My understanding of what we now know about shedding may be summarised as follows:

  • The virus appears quite suddenly on the skin's surface during a shedding episode. Some liken it to a field of flowers blooming when the sun hits. Some liken it to a lava flow from the nerve endings. It does not last long and is gone inside 2-6 hours and probably deactivated considerably quicker.
  • It takes a lot of virus for a chance of infection. For example some models suggest that at least 1 million copies of the virus need to be present for even a low probability of infection. At 10 million viral copies, it seems infection is closing in on near certain.
  • Most shedding episodes are well below 1 million copies. Shedding episodes with more than 10 million copies of the virus appear to occur in about 2% of shedding episodes.

So in summary, for a shedding related transmission to occur and only a chance for it to occur, the following conditions are required::

  • There must be 1-10 million viral copies as part of the shedding episode; and
  • Sex must occur in a small window of time within the shedding period, probably within 1-3 hours of the shedding 'bloom' with strong rubbing from that particular point of viral eruption.

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Roja
12 hours ago, WilsoInAus said:

I'll have a go at making things perhaps clearer from my perspective.

What we know by observation and clinical trials is that couples where the male is negative and female positive for genital HSV-2, there is a 4% chance in a year a sex that transmission to the male will occur. This involves unprotected sex without condoms or antivirals. In the end that is all that matters. The measurement of shedding and its explanation might be useful, but it does not change these odds which are the observed outcomes allowing for all factors. The definition and understanding of shedding is evolving, but it simply doesn't matter in the context of transmission chances.

My understanding of what we now know about shedding may be summarised as follows:

  • The virus appears quite suddenly on the skin's surface during a shedding episode. Some liken it to a field of flowers blooming when the sun hits. Some liken it to a lava flow from the nerve endings. It does not last long and is gone inside 2-6 hours and probably deactivated considerably quicker.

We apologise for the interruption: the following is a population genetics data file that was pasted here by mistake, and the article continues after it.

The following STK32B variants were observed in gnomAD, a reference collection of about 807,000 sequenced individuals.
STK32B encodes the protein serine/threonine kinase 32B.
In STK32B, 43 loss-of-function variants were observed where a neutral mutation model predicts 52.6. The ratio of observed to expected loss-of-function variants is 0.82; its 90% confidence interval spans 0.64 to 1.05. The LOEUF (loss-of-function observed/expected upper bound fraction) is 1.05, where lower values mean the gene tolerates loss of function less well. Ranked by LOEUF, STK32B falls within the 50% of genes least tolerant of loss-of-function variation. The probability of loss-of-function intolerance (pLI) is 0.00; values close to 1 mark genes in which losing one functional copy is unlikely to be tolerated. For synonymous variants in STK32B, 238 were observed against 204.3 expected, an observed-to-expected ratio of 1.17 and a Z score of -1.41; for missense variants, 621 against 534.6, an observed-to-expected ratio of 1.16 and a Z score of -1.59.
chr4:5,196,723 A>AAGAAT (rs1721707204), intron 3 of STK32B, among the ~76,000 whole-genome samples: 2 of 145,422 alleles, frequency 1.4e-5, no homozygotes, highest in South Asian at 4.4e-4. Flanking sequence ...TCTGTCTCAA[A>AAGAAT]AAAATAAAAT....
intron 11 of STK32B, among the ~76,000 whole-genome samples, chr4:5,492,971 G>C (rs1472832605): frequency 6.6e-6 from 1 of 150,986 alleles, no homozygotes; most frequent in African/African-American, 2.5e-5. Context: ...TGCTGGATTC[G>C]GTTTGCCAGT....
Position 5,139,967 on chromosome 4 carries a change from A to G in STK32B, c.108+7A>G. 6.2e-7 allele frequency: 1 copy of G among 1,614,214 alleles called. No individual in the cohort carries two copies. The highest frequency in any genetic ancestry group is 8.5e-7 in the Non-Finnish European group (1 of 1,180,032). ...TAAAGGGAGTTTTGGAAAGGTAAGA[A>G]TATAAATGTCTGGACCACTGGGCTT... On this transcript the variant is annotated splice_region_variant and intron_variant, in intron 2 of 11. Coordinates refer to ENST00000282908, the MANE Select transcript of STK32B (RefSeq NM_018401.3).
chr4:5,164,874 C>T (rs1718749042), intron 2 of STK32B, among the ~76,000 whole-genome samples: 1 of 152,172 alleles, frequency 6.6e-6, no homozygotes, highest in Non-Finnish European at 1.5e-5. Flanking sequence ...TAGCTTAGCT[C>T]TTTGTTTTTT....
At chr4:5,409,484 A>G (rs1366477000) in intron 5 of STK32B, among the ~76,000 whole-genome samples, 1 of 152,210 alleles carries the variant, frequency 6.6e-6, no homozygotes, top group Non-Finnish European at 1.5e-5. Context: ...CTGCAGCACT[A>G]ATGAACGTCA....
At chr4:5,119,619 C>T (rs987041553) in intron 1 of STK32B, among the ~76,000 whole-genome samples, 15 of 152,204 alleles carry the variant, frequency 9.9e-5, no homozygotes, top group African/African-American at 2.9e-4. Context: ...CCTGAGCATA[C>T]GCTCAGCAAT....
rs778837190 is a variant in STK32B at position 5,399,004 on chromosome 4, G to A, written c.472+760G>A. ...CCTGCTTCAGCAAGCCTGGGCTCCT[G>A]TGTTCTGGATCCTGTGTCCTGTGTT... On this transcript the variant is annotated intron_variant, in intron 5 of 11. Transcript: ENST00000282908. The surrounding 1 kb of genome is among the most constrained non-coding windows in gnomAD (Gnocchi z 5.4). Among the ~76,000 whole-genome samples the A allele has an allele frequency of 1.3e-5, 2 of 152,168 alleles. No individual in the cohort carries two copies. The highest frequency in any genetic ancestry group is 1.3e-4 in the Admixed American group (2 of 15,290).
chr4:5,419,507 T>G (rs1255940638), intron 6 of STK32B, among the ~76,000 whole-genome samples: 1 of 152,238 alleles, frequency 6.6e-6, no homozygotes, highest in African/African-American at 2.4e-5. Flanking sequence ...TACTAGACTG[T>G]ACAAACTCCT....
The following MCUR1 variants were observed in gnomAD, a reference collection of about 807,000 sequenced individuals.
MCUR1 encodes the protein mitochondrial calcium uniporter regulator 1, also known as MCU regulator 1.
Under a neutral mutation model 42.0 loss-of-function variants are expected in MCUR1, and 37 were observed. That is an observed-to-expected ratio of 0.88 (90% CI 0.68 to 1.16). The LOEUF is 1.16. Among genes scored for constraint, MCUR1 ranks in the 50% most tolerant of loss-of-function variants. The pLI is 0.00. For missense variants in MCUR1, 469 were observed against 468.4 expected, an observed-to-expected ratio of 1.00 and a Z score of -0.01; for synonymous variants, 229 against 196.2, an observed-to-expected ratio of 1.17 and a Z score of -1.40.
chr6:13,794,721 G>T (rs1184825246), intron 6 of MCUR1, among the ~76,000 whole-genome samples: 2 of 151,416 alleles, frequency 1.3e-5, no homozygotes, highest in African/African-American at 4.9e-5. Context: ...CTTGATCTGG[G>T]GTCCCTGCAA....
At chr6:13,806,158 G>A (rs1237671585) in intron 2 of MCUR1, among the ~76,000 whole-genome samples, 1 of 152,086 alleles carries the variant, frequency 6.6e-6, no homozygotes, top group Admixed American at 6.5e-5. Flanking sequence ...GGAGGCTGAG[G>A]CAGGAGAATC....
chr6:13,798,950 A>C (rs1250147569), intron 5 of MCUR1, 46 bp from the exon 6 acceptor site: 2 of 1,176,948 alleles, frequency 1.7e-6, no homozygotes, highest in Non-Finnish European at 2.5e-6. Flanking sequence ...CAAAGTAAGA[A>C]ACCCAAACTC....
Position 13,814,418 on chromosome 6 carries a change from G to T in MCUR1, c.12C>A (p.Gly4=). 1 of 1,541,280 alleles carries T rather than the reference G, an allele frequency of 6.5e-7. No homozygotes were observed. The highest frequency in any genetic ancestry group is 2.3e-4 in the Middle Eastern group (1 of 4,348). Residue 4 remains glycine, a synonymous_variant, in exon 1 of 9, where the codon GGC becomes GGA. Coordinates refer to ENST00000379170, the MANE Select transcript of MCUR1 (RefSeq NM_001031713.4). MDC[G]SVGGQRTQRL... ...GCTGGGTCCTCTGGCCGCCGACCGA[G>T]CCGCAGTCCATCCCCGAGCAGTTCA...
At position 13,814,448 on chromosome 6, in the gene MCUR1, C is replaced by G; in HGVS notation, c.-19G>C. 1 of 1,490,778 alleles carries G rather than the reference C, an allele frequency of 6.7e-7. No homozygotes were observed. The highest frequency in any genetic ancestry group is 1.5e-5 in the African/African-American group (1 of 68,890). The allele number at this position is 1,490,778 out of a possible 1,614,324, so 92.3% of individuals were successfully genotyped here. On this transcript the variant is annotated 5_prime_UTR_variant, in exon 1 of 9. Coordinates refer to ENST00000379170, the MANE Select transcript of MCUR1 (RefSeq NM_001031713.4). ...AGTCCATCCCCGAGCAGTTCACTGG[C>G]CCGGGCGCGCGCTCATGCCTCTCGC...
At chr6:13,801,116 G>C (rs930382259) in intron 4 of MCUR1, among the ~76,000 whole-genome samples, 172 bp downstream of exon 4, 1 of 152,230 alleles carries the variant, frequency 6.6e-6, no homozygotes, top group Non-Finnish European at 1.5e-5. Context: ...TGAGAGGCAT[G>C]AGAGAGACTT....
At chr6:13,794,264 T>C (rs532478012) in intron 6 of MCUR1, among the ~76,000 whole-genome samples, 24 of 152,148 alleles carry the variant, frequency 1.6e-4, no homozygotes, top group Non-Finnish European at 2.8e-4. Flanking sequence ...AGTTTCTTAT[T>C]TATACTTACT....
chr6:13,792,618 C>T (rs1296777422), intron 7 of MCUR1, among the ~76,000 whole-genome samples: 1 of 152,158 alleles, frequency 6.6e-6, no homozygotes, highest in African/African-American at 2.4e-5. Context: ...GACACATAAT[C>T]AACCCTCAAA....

• It takes a lot of virus for a chance of infection. For example some models suggest that at least 1 million copies of the virus need to be present for even a low probability of infection. At 10 million viral copies, it seems infection is closing in on near certain.
  • Most shedding episodes are well below 1 million copies. Shedding episodes with more than 10 million copies of the virus appear to occur in about 2% of shedding episodes.

So in summary, for a shedding related transmission to occur and only a chance for it to occur, the following conditions are required::

  • There must be 1-10 million viral copies as part of the shedding episode; and
  • Sex must occur in a small window of time within the shedding period, probably within 1-3 hours of the shedding 'bloom' with strong rubbing from that particular point of viral eruption.

Thank you so much Wilson!! I knew you could help, hehe :relaxed:

It seems quite hard to infect someone else then... However, I do not get the high number of new infections per year then. :dunno:

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Scooby2112

Many people that pass it do so because they don't know they have it.  Not that people who have don't transmit but are more likely to take precautions (anti-virals, condoms) and avoid sex during symptoms. 

 

 

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Roja
6 hours ago, Scooby2112 said: